The Wall Street Journal’s Pia Catton reports that the American Folk Art Museum will have to give up more than two hundred works promised to its collection. The pieces, which the museum was currently exhibiting, were intended gifts from Ralph Esmerian—owner of the jewelry business Fred Leighton—who faces bankruptcy after being sentenced to a six-year prison term on wire fraud and other charges. Negotiating with a trustee of the case, the museum has thus far managed to keep 53 of the 263 pieces. The remaining works will be sold at auction. “These 53 were the most important to the museum because they would enhance the collection,” said museum spokesperson Barbara Livenstein. “We were eager to arrive at this compromise and get it behind us.”
Javier Pes reports in the Art Newspaper that Britain has named a group of artists, designers, and curators as new members of the Order of the British Empire. Artist Tracey Emin, curator and academic Dawn Ades, director of the Cultural Olympiad Ruth MacKenzie, and deputy director of the Tate Alex Beard have each been honored with a CBE. Illustrator Quentin Blake and designer Kenneth Grange have been knighted, and designer Stella McCartney has been given an OBE. Emin recently spoke about her recent drawings with artforum.com for the 500 Words column.
David N. Dunkle reports in the Patriot-News that the Susquehanna Art Museum has hired Laurene Buckley as its new executive director. Buckley, who holds a Ph.D. from the City University of New York, arrives just as the museum is raising funds to build a new seven-million-dollar building in the city’s midtown area. Buckley was most recently executive director of the Jersey City Museum, where, according to Dunkle, she struggled to overcome a budget gap and losses in support from the city government. She has also previously worked as director of the Queens Museum, the Tyler Art Gallery at SUNY Oswego, and the Castellani Art Museum at Niagara University. “She is thoughtful, measured and very passionate about art,” board president Jack Scott said. “She had not only the credentials but the experience of managing museums and knowing how they connect to communities.”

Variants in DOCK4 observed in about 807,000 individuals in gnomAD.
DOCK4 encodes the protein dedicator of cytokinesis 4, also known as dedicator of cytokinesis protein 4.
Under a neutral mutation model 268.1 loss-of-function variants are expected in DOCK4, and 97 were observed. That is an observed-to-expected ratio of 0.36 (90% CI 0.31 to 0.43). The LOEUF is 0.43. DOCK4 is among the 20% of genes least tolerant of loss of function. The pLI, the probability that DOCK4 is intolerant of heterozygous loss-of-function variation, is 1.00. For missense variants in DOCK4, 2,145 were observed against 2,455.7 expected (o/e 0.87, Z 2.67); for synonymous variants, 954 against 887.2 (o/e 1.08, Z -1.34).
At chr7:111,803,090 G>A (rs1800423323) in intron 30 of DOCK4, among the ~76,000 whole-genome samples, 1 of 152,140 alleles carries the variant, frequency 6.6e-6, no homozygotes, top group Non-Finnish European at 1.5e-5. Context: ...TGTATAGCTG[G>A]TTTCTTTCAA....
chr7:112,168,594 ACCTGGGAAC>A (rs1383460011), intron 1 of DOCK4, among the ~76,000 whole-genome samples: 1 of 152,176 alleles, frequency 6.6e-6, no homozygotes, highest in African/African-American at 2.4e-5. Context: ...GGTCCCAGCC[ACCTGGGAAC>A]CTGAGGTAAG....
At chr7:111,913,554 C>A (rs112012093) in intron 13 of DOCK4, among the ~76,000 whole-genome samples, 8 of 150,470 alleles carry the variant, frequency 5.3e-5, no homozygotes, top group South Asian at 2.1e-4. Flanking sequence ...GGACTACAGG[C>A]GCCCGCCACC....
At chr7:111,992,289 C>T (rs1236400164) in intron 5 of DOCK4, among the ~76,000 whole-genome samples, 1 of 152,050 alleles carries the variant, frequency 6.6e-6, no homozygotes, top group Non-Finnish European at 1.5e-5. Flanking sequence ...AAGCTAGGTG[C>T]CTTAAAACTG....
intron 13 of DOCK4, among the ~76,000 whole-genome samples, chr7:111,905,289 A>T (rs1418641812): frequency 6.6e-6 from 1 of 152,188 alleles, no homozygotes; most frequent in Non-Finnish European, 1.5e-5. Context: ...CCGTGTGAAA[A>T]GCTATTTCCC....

Alan Kozinn for the New York Times reports that AXA Art Insurance, one of the largest art insurers, estimated that it would be paying out $40 million to New York art galleries that were damaged by Hurricane Sandy. Now, Reuters released a report that quoted industry estimates suggesting that insurance losses for flooded galleries and ruined art may come to as much as $500 million––the largest loss the art world and its insurers have ever sustained, which might cause insurance prices to rise by 5 to 10 percent.
Filippo Guerrini-Maraldi, the executive director of fine art at R.K. Harrison, a London-based insurance broker whose clients include several Chelsea galleries, told the Times that the industry-wide figure––which he estimated at between $400 million and $500 million––covers the physical damage to the galleries themselves as well as art losses. He states, “Chelsea got hit hard and there were other consequential losses. Because many of the galleries lacked power for a while, and because it then got cold in New York, things that needed to be in a controlled environment were affected. Works on wood, for example––we’re seeing those kinds of claims.”
The Alexandria Contemporary Arts Forum, a nonprofit multidisciplinary arts institution founded in December 2005, has announced that it will close at the end of this month. “Undoubtedly, we believe that ACAF played an important role in Alexandria during previous years,” curators Bassam El Baroni, Mona Marzouk, and Mahmoud Khaled wrote in an email sent today. “But, we have come to the conclusion that this role—a balancing act between an open minded approach to education, a quality-based presentation of art, and a context-based criticality—is no longer sustainable as Egypt and Alexandria shifts and fluctuates both positively and negatively in a period of heightened political and social transitions.”